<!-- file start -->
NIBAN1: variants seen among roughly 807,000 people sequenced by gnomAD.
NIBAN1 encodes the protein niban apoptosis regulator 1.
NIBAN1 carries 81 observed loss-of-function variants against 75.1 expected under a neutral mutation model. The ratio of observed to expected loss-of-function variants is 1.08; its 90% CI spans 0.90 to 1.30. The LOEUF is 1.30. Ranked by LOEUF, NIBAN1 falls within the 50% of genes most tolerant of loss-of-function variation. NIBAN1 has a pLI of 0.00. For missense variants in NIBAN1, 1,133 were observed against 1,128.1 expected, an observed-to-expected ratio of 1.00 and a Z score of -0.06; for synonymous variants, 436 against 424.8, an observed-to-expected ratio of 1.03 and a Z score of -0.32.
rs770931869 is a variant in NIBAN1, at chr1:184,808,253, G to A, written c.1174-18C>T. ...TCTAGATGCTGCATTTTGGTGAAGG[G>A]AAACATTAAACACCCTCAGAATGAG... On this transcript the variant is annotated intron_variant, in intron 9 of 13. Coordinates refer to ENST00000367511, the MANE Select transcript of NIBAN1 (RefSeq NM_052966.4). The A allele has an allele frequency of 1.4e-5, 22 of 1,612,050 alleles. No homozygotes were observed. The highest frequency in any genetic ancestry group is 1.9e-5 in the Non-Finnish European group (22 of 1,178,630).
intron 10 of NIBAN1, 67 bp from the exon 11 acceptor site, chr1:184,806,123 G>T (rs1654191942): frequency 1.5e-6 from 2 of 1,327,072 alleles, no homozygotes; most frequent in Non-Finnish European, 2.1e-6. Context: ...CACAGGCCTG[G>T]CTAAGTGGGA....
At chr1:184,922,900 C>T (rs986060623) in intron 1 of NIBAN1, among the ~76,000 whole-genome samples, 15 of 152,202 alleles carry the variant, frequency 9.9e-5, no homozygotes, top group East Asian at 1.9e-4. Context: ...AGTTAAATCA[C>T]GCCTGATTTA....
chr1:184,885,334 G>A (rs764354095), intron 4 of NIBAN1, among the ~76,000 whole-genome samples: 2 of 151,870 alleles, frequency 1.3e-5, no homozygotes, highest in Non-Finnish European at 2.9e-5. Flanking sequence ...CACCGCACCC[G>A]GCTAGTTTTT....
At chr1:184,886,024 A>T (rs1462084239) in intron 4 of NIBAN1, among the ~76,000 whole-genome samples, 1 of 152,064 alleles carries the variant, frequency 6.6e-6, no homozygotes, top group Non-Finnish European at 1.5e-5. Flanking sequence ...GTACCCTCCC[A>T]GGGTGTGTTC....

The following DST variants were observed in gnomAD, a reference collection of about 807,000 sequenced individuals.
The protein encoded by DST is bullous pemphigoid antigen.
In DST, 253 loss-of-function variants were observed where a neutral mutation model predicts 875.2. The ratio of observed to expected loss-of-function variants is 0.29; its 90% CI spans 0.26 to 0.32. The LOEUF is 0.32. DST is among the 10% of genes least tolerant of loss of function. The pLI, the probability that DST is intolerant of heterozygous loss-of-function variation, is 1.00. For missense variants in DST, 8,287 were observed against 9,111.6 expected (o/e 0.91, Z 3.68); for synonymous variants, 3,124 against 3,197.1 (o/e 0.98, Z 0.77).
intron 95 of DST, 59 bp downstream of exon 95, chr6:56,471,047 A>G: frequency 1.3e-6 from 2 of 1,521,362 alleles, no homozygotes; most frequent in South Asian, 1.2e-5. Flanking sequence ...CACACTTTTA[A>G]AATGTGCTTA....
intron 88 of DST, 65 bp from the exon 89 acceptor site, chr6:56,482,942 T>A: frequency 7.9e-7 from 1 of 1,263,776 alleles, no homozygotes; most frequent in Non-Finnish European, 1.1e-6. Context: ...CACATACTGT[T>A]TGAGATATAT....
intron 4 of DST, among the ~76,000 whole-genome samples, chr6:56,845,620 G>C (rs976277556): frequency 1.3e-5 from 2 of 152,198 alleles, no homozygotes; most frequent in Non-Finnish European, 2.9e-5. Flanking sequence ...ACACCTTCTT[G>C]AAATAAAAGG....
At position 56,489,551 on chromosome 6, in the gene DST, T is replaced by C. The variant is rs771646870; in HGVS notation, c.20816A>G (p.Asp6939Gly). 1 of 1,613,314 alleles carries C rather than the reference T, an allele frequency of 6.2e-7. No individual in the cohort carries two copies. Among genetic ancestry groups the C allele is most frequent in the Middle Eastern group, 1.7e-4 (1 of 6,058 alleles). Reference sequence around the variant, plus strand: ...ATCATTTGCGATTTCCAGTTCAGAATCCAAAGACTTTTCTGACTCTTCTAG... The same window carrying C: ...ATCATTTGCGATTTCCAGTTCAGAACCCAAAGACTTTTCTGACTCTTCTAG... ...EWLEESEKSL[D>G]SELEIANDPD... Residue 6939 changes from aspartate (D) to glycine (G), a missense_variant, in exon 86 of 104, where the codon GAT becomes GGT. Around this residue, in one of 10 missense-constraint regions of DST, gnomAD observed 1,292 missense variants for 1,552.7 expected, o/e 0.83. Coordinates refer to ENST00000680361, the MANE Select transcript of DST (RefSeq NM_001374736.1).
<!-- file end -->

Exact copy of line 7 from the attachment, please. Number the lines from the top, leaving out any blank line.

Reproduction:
chr1:184,885,334 G>A (rs764354095), intron 4 of NIBAN1, among the ~76,000 whole-genome samples: 2 of 151,870 alleles, frequency 1.3e-5, no homozygotes, highest in Non-Finnish European at 2.9e-5. Flanking sequence ...CACCGCACCC[G>A]GCTAGTTTTT....